Exploring the things to do in Pulau Ubin begins either by cycling or on foot. Once you alight at the jetty, turn left and you’ll find many shops offering their bicycles for rent.
If you prefer to bring your own bicycle, it will cost another $2 to bring it on the bumboat. Whether you rent or bring one, we recommend picking a bike with a basket to put your bag in.
Tip: Be sure to check if your bike is working well before you set off!
Whether you plan to hike or cycle, be sure to wear comfortable shoes and light clothing. As it does in the rest of Singapore, Pulau Ubin gets extremely hot in the mid afternoon so a hat and a pair of sunglasses are useful.
Do also bring insect repellent, as the mosquitos can be viscous. Shelters are scattered across the island to take refuge in during your journey, and remember to drink lots of water!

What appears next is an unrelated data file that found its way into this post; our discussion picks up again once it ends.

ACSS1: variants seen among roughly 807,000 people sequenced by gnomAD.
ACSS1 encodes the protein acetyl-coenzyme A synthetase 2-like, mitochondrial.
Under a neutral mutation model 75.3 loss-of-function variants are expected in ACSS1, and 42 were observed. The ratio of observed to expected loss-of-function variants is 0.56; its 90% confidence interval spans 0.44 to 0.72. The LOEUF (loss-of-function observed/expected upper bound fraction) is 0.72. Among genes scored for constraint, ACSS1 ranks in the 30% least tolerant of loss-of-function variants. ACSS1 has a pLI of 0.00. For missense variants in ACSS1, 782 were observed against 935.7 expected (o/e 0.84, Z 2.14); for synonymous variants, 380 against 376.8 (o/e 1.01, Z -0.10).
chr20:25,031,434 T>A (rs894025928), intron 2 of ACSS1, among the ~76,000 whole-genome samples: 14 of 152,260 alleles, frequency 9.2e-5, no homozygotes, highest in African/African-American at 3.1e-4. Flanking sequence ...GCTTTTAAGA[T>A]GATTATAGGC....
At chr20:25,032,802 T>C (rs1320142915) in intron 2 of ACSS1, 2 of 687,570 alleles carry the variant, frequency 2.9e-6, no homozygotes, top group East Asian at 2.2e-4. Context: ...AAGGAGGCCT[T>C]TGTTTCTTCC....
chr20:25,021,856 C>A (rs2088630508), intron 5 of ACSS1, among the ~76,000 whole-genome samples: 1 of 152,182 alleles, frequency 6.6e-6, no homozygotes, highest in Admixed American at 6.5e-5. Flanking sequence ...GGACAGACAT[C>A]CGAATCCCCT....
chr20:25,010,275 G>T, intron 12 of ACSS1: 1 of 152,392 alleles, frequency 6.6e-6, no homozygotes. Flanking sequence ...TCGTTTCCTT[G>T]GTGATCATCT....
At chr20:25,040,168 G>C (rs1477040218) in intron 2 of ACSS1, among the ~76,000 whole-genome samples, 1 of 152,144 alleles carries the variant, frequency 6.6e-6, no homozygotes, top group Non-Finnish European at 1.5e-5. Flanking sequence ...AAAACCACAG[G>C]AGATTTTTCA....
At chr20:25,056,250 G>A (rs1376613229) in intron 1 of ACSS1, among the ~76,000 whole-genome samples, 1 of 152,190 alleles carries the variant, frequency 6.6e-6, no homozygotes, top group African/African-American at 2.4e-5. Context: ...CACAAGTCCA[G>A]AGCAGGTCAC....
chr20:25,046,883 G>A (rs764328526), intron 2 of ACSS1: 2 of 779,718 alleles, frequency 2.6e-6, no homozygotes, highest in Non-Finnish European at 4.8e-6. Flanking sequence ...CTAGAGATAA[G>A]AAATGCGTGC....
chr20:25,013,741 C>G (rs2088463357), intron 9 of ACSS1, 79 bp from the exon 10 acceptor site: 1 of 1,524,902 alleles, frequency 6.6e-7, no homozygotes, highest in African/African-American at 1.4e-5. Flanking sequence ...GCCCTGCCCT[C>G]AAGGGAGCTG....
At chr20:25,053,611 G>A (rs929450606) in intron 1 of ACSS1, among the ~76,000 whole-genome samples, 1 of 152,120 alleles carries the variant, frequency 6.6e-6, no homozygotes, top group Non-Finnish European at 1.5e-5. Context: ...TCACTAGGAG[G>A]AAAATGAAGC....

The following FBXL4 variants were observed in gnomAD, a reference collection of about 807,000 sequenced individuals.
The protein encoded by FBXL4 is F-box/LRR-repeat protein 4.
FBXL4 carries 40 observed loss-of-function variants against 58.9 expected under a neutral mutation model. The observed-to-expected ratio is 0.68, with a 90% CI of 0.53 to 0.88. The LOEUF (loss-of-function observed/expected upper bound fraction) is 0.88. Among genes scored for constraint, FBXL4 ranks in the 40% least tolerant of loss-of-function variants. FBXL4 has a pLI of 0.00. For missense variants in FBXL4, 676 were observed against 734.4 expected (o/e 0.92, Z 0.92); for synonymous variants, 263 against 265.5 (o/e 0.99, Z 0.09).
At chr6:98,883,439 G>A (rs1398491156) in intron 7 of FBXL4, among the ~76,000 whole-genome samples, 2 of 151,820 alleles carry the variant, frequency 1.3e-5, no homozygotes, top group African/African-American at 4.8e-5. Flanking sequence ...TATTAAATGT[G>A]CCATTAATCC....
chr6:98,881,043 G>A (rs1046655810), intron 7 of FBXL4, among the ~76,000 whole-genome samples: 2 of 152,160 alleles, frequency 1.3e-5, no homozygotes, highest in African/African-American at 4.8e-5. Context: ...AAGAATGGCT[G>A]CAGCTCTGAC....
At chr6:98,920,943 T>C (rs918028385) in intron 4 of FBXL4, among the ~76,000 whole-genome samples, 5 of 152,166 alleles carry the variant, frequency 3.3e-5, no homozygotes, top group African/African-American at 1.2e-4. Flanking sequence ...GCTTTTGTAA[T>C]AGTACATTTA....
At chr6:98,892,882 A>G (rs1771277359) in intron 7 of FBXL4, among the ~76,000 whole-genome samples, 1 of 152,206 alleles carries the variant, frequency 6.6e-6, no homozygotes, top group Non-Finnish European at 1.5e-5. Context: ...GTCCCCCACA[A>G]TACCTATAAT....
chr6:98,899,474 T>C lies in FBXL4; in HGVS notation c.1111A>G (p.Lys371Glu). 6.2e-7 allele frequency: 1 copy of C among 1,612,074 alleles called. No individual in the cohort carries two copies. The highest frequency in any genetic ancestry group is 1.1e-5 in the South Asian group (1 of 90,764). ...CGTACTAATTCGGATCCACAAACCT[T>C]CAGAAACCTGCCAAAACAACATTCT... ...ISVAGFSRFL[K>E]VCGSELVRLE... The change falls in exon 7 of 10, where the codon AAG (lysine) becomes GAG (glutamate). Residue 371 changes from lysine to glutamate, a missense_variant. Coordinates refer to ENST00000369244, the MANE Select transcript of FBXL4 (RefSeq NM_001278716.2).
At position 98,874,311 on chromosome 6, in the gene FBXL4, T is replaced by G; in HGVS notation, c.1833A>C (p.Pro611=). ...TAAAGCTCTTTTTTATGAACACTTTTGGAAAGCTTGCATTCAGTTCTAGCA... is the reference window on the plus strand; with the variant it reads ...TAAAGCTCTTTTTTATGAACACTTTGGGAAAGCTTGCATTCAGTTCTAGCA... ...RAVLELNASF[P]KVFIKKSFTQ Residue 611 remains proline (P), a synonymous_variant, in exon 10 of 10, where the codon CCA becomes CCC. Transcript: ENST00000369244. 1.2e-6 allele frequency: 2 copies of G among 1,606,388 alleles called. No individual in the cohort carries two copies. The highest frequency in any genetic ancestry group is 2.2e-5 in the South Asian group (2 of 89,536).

In case of a sudden downpour, bring a poncho or an umbrella or just click here for the weather forecast.
Here is a Pulau Ubin Map from NParks.
What to do in Pulau Ubin
You can now start exploring the things to do in Pulau Ubin with the main feature – nature!
Chek Jawa Wetlands
You cannot miss a visit to the Chek Jawa Wetlands, a fascinating example of Singapore’s richest ecosystems in a more natural and isolated setting than Gardens by the Bay. Opened to the public in December 2000, multiple habitats can be found in the wetlands.
Marine life is best seen during low tide, ideally at 0.5m and under. Be sure to check this tides table to avoid disappointment.